• you can even preserve a lot of foods by plopping them in the tallow before jarring it.
    – Sdarb
    Commented Aug 26, 2016 at 17:38
  • Your answer covers tallow; what about suet? Commented Jun 25, 2019 at 1:36

I waterbath can my tallow in jars for 10 minutes. I found a really good scientific explanation once saying why it was ok to can it this way but I can't find it now. Basically for fat to go rancid or for bacterial / mold to grow there has to be certain conditions met such as moisture, air, etc. Because rendered fat has no moisture, if done correctly, then it is safe to can in a water bath. Then you can store it on the shelf for longer than a year and it takes it out of the refrigerator or freezer. Seems I'm a little posting to this now but this is knowledge for the future :D


Pure fats tend to last quite a long time and for whatever reason bacteria and bugs are not attracted to pure fats. You can also preserve food with ghee, lard and tallow as it's an oxygen barrier.

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    It is because pure fats are completely devoid of water, and water is required for the bacteria or mold lifecycle.
    – SAJ14SAJ
    Commented Nov 6, 2013 at 13:42
  • While it may not be a good substrate for bacteria, there are other concerns when storing fat (rancidity being the main one).
    – SourDoh
    Commented Nov 6, 2013 at 15:56
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    Packing meat in fat predates canning. In european cultures, it typically goes by the french name confit ... but I don't know if you would need to wax seal it to avoid the top layer of fat from going rancid.
    – Joe
    Commented Nov 3, 2014 at 17:17

the best way to keep it is by vacuum sealing the fat or tallow making sure it is absolutely clean and dry. It will keep that way in a cool and dark place for well over a year.


YouTube shows many ways to can tallow, including heating the empty canning jars in an oven to 250 + degrees and then pouring the hot (250+) tallow into the jars and sealing them with clean lids.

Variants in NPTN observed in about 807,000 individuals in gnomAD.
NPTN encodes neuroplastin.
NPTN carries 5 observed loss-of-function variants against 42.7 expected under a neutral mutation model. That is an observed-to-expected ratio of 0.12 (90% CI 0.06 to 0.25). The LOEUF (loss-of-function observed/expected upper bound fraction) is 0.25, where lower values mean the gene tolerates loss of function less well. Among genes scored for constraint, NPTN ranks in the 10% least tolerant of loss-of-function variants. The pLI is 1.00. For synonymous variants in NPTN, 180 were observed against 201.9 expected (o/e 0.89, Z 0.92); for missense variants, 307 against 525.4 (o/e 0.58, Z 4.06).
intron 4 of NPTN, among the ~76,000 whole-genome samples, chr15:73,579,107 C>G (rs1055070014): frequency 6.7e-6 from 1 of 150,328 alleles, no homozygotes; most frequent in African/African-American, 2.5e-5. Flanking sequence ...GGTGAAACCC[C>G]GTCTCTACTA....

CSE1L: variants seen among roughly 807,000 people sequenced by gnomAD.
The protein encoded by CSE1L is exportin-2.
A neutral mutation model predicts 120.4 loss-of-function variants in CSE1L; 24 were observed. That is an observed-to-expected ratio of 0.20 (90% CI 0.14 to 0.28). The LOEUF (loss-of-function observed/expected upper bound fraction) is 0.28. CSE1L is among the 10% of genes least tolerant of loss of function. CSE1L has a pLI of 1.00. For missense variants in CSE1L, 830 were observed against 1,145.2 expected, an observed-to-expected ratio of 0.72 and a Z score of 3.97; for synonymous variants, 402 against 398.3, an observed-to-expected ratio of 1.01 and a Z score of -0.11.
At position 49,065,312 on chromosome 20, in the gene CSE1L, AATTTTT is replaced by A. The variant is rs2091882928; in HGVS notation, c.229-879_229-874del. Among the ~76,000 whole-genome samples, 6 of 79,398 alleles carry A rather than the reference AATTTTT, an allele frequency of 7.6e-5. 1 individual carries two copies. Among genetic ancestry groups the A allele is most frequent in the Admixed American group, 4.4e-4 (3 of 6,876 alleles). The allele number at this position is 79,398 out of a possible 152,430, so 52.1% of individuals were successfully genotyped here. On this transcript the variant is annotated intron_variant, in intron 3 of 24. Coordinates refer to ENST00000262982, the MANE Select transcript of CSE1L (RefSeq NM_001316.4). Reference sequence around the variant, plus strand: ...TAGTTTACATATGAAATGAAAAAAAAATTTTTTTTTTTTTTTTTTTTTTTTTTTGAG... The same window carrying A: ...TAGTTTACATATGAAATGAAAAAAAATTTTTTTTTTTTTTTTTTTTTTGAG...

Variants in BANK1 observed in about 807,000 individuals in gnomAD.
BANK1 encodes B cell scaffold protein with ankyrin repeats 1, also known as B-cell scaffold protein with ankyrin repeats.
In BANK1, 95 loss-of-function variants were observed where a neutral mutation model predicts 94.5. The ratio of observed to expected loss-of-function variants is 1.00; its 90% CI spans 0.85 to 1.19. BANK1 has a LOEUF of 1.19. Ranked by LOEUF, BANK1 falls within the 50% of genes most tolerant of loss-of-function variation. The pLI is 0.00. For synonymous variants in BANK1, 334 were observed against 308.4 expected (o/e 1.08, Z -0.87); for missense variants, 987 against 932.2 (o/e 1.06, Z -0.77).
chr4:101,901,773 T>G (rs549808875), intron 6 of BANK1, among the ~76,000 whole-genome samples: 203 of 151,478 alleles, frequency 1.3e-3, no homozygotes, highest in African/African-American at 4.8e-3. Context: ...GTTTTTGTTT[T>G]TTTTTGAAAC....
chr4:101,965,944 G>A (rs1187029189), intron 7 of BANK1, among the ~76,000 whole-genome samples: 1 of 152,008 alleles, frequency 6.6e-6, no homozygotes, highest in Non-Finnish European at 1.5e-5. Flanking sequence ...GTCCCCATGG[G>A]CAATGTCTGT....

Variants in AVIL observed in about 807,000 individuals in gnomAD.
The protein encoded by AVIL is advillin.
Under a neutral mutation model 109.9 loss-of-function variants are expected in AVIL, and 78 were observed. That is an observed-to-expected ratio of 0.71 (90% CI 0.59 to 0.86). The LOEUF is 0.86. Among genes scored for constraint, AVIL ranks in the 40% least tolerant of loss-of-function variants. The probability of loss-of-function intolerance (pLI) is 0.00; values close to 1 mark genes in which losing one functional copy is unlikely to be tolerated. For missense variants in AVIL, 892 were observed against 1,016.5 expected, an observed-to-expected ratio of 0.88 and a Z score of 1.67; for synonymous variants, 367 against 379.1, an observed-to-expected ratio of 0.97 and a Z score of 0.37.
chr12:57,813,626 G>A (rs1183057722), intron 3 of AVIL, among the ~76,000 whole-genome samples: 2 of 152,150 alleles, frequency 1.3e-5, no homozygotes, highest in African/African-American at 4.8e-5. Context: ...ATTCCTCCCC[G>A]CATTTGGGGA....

They seal nicely, the same as any canning process, and will last indefinitely on the shelf. I have used this method to can all sorts of fats, easily storing them for 10 years or better. As long as the seal remains on the jars, what's inside will remain safe and usable. Don't worry about glass breakage; it doesn't happen. 250 degrees is the temp a pressure cooker produces at 15 pounds pressure, except by preheating the jars in the oven you are able sanitize them and also keep them dry... also you won't shock the glass when you pour in the hot fat.

When the hot fat cools a vacuum will form in the jar and the lid will seal. Just be careful and wear gloves, because you are working with very hot materials.

  • 250 F or 250 C?
    – Willeke
    Commented Mar 3, 2021 at 21:24

I render mine in a slow cooker then filter and pour into Silicone cupcake pan making small discs. I then put these in plastic freezer bags and store them in the freezer. They will pretty much last forever in there so long as I double bag it to keep the freezer burn down and since they are easy size I can just grab one when needed. In theory you can store it in jars but the problem can happen with impurities spoiling a jar. I tend to salt the bottom of the jar and warm can them. For extra security you can use a food grade wax at the top of the jar before sealing. I would expect this to be good for at least a year in jars if not more. Note that suet is going to keep much better then lard. The fat around kidneys was used for candle making and keeps solid at room temp so less air to spoil.


Suet was used for pemmican 100s of years ago, I read in history books they found some that had sat dry in bags for over 25 years and was still good Native Americans used this process for hundreds of years , Lewis and clark used Suet pemmican for a major food source for months on their long trip over years